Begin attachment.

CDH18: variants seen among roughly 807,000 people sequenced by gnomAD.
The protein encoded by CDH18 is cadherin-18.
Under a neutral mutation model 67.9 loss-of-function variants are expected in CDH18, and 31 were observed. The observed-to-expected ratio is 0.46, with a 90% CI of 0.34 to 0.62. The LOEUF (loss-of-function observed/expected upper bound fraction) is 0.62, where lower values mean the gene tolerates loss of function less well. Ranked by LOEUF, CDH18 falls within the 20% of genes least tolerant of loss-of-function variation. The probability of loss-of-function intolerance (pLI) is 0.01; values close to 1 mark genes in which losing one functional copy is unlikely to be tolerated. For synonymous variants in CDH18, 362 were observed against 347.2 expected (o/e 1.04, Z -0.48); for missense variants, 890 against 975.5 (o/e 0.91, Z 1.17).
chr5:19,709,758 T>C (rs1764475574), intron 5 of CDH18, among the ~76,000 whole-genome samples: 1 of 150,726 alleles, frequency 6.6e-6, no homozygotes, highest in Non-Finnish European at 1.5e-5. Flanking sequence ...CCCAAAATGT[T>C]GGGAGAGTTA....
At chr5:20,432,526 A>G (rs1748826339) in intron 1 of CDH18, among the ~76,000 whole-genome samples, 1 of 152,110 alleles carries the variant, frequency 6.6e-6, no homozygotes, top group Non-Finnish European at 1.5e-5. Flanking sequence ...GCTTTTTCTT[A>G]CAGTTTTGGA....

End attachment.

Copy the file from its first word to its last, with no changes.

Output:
CDH18: variants seen among roughly 807,000 people sequenced by gnomAD.
The protein encoded by CDH18 is cadherin-18.
Under a neutral mutation model 67.9 loss-of-function variants are expected in CDH18, and 31 were observed. The observed-to-expected ratio is 0.46, with a 90% CI of 0.34 to 0.62. The LOEUF (loss-of-function observed/expected upper bound fraction) is 0.62, where lower values mean the gene tolerates loss of function less well. Ranked by LOEUF, CDH18 falls within the 20% of genes least tolerant of loss-of-function variation. The probability of loss-of-function intolerance (pLI) is 0.01; values close to 1 mark genes in which losing one functional copy is unlikely to be tolerated. For synonymous variants in CDH18, 362 were observed against 347.2 expected (o/e 1.04, Z -0.48); for missense variants, 890 against 975.5 (o/e 0.91, Z 1.17).
chr5:19,709,758 T>C (rs1764475574), intron 5 of CDH18, among the ~76,000 whole-genome samples: 1 of 150,726 alleles, frequency 6.6e-6, no homozygotes, highest in Non-Finnish European at 1.5e-5. Flanking sequence ...CCCAAAATGT[T>C]GGGAGAGTTA....
At chr5:20,432,526 A>G (rs1748826339) in intron 1 of CDH18, among the ~76,000 whole-genome samples, 1 of 152,110 alleles carries the variant, frequency 6.6e-6, no homozygotes, top group Non-Finnish European at 1.5e-5. Flanking sequence ...GCTTTTTCTT[A>G]CAGTTTTGGA....